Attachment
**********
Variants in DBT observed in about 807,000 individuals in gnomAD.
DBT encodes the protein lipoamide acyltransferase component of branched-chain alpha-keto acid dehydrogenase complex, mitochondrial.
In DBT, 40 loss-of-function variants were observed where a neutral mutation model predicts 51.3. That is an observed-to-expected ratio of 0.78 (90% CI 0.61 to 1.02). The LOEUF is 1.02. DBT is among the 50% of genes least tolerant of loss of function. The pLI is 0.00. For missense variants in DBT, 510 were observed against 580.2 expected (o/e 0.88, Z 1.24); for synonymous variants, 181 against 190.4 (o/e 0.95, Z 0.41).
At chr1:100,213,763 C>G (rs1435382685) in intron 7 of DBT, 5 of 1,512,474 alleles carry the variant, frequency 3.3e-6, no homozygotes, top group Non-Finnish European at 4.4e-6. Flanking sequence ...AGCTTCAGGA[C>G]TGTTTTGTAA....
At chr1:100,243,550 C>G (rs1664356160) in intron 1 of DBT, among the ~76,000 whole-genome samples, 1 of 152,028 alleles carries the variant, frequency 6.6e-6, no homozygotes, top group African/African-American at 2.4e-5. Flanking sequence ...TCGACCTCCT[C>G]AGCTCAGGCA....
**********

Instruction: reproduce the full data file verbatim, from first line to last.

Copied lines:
Variants in DBT observed in about 807,000 individuals in gnomAD.
DBT encodes the protein lipoamide acyltransferase component of branched-chain alpha-keto acid dehydrogenase complex, mitochondrial.
In DBT, 40 loss-of-function variants were observed where a neutral mutation model predicts 51.3. That is an observed-to-expected ratio of 0.78 (90% CI 0.61 to 1.02). The LOEUF is 1.02. DBT is among the 50% of genes least tolerant of loss of function. The pLI is 0.00. For missense variants in DBT, 510 were observed against 580.2 expected (o/e 0.88, Z 1.24); for synonymous variants, 181 against 190.4 (o/e 0.95, Z 0.41).
At chr1:100,213,763 C>G (rs1435382685) in intron 7 of DBT, 5 of 1,512,474 alleles carry the variant, frequency 3.3e-6, no homozygotes, top group Non-Finnish European at 4.4e-6. Flanking sequence ...AGCTTCAGGA[C>G]TGTTTTGTAA....
At chr1:100,243,550 C>G (rs1664356160) in intron 1 of DBT, among the ~76,000 whole-genome samples, 1 of 152,028 alleles carries the variant, frequency 6.6e-6, no homozygotes, top group African/African-American at 2.4e-5. Flanking sequence ...TCGACCTCCT[C>G]AGCTCAGGCA....